There are few things worse than going to take your wash out of the washing machine only to find that it didn’t drain. When the washing cycle doesn’t finish and you are left with garments wet and soggy and not fully clean it can be very frustrating. There could be a number of reasons for the drum to not empty the water but there is no reason to panic.
Very often, the cause of the standing water in your washing machines is an easy fix that you can do yourself. In most cases, it is a blocked drainage pump that can be cleaned out in a matter of minutes to be able to drain water properly. Troubleshooting the problem with washing machines is essential to know what the problem is, however.
In this article, we will take a look at the most common reasons that your washing machine is not draining water properly.
How to manually drain the water from the drum
Before you can begin to help your washing machine drain water properly, you have to get the rest of the water out of the machine. Since Candy washing machines don’t have a tube that will drain the excess water manually, you will need to remove most of the water from the drum to avoid a big mess. Using a large sponge, soak up the water in the drum and squeeze it out over a bucket. This will only get the water that is above the bottom of the metal drum in most washing machines but there will be standing water beneath it that can’t be reached this way. Follow these steps to drain the rest of the water in the drum:
- Electrically disconnect the washing machine by disconnecting it from the main power supply
- Turn off the incoming water by locating the valve that brings water into the washing machine, or by locating the incoming water supply to the whole house
- Have a towel or set of rags ready to sop up the dirty water
- Locate the service flap at the bottom left hand side located low on the washing machine and gently open it to reveal the cap cover of the drainage pipe
- There is no drainage hose for this operation so be prepared for things to get messy
- Unscrew the cap cover of the drain pump filter by turning it anti-clockwise to be slightly open and water starts coming out
- Sop up the excess water until the discharge slows down with the cap slightly open and then open the cover further
- Once the water has stopped coming out of the cover then remove it completely and inspect the filter
Unfortunately, the way this service flap is designed, there is no way to put a shallow container underneath to catch the water so you will have to use a towel to sop it up. There is not much space between the cap cover and the bottom of the washing machine so unless you have yours lifted above the floor with a pallet or something similar there is not much space.
This is how to get the water out of the washing machine, the next step is investigating the cause of the water not draining from the drum correctly.
Top reasons the water is not draining
When you find your garments wet in the drum then you probably think that you will need a technician to come out to fix them. However, we recommend contacting Candy only after you’ve looked into the causes and doing a DIY troubleshooting session. There are some common reasons that this is happening and they don’t indicate that there are significant problems with the machine itself.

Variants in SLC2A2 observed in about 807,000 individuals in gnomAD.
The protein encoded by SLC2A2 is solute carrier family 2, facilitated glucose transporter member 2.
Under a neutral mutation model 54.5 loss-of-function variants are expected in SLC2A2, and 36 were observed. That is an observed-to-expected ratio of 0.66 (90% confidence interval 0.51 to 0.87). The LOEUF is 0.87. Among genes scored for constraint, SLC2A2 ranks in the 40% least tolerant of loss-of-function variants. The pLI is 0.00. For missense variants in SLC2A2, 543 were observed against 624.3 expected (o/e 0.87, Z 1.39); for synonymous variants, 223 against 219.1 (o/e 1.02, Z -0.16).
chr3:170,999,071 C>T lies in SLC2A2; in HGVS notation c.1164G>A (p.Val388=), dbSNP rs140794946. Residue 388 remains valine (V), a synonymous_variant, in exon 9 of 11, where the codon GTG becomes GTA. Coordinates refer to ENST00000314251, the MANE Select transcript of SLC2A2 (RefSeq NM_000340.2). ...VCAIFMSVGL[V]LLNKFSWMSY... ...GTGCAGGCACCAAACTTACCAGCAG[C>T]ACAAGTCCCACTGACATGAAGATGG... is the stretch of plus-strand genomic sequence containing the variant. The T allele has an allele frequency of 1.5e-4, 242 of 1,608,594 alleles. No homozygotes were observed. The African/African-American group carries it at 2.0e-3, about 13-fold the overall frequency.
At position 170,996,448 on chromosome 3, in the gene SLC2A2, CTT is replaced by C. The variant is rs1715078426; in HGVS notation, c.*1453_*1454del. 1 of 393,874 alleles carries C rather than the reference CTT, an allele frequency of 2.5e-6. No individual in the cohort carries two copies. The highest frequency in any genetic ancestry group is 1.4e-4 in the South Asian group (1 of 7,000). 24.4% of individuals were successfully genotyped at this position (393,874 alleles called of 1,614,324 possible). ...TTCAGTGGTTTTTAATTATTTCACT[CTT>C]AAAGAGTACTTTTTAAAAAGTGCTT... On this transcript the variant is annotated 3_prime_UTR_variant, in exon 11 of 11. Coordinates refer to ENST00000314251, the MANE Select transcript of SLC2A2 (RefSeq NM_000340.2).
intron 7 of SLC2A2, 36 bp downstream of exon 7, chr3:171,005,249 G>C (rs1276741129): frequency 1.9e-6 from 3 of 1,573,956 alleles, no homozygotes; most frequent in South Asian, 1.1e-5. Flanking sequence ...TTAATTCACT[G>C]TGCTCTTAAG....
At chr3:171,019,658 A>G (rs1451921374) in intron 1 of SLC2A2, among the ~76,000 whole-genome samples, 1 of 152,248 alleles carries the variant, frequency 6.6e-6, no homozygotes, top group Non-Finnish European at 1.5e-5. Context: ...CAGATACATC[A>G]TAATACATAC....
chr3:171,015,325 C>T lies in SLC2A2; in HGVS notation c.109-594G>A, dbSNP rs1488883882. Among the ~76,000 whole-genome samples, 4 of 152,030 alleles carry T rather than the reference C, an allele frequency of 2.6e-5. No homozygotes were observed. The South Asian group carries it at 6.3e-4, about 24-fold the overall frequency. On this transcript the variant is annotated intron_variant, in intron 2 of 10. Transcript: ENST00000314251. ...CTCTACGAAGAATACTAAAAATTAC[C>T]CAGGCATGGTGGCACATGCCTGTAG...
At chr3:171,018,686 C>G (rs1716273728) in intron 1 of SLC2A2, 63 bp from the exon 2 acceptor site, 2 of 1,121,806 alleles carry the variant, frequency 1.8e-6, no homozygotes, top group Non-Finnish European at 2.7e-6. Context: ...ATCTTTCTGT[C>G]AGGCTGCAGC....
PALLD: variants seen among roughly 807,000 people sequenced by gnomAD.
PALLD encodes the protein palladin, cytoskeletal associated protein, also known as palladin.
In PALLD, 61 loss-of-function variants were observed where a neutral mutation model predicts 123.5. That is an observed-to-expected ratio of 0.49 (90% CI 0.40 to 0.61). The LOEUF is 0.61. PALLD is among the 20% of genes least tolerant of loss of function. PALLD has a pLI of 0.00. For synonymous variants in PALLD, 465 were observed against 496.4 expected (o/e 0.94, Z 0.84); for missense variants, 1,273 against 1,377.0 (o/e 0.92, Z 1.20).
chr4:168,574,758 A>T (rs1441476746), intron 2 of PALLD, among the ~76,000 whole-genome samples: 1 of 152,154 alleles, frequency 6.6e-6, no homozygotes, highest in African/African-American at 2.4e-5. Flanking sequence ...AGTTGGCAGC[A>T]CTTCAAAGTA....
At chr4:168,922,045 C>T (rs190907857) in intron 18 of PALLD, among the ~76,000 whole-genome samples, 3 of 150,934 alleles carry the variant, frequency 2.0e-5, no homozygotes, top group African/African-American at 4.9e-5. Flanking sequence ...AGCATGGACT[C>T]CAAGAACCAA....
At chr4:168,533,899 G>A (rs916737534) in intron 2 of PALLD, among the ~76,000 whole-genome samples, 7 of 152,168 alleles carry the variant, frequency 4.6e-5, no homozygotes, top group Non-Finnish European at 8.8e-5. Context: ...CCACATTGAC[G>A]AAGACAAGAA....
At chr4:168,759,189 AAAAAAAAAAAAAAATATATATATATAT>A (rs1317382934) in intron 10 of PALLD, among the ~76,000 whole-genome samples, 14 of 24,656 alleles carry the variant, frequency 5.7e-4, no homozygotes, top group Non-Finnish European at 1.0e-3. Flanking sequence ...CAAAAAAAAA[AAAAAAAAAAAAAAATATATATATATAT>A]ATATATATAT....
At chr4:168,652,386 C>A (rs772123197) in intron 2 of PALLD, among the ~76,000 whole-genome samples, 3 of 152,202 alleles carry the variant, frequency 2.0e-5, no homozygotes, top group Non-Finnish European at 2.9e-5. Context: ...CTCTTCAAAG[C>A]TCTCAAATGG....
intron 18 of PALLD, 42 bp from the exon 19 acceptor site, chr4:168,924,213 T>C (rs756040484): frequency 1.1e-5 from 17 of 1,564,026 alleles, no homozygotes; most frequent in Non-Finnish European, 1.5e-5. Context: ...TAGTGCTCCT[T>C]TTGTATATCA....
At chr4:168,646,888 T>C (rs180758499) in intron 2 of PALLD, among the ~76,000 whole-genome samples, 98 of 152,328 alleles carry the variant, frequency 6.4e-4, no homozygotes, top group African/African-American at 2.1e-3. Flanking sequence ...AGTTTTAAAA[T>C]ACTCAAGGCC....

Blocked drainage pump
There is a filter in the bottom of the machine that tends to collect large objects and then it gets clogged. It is a drain pump filter but is often called a coin trap since it is very common for coins to slip past the edge of the drum into the bottom of the machine during the spin cycle where it is caught by the filter. There are a number of other articles that often get caught such as small socks, hair bands, safety pins, and many other small items.
Once you have done the job of manually draining the water that the washing machine cycle didn’t do, take a moment to inspect the filter. Remove it completely once you have drained off all of the water and see if there is anything inside. If there is remove it and set it aside. Next, take a look inside the chamber because there are usually items such as small safety pins that will remain in there. There is usually some sludge that builds up from the amount of lint cleaned off of the clothes mixed with soap suds that should be wiped out with a rag or sponge.
Take a look at the impeller that feeds water into the drain pump chamber by trying to move it with your fingers. If it doesn’t move then this could be the reason that the water isn’t draining assuming there were no obstructions in the pump.
If you found some obstructions then replace the cap cover and close the service flap. Turn on the incoming water and reconnect the machine to the mains power.
Now you should run a 90°C washing programme to clean out the machine since you may have some sludge remaining. This will also give you the opportunity to see if the water is now draining properly. If the problem occurs again where the water doesn’t drain then proceed to the next common cause, ie the drainage hose.
Drainage hose is clogged or bent
The drainage hose that expels the water from the drum is a flexible and corrugated type that can easily get kinked. It runs from the machine to the outside drainage pipe either through a dedicated pipe just for the washing machine. Or, it can be attached to the under-sink pipes and flushed away that way.